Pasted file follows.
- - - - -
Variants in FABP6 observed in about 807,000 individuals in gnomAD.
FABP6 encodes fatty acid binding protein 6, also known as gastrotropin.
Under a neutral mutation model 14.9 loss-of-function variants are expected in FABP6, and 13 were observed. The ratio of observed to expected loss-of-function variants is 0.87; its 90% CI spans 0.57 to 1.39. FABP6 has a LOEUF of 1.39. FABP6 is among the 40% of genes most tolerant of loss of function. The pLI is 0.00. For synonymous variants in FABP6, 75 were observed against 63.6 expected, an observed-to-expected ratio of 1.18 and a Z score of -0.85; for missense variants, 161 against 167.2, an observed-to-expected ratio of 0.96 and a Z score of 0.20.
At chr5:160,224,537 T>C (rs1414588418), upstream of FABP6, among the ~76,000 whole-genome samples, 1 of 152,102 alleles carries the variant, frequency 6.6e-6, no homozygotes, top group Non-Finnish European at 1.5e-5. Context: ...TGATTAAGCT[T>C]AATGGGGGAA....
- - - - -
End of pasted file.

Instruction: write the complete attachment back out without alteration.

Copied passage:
Variants in FABP6 observed in about 807,000 individuals in gnomAD.
FABP6 encodes fatty acid binding protein 6, also known as gastrotropin.
Under a neutral mutation model 14.9 loss-of-function variants are expected in FABP6, and 13 were observed. The ratio of observed to expected loss-of-function variants is 0.87; its 90% CI spans 0.57 to 1.39. FABP6 has a LOEUF of 1.39. FABP6 is among the 40% of genes most tolerant of loss of function. The pLI is 0.00. For synonymous variants in FABP6, 75 were observed against 63.6 expected, an observed-to-expected ratio of 1.18 and a Z score of -0.85; for missense variants, 161 against 167.2, an observed-to-expected ratio of 0.96 and a Z score of 0.20.
At chr5:160,224,537 T>C (rs1414588418), upstream of FABP6, among the ~76,000 whole-genome samples, 1 of 152,102 alleles carries the variant, frequency 6.6e-6, no homozygotes, top group Non-Finnish European at 1.5e-5. Context: ...TGATTAAGCT[T>C]AATGGGGGAA....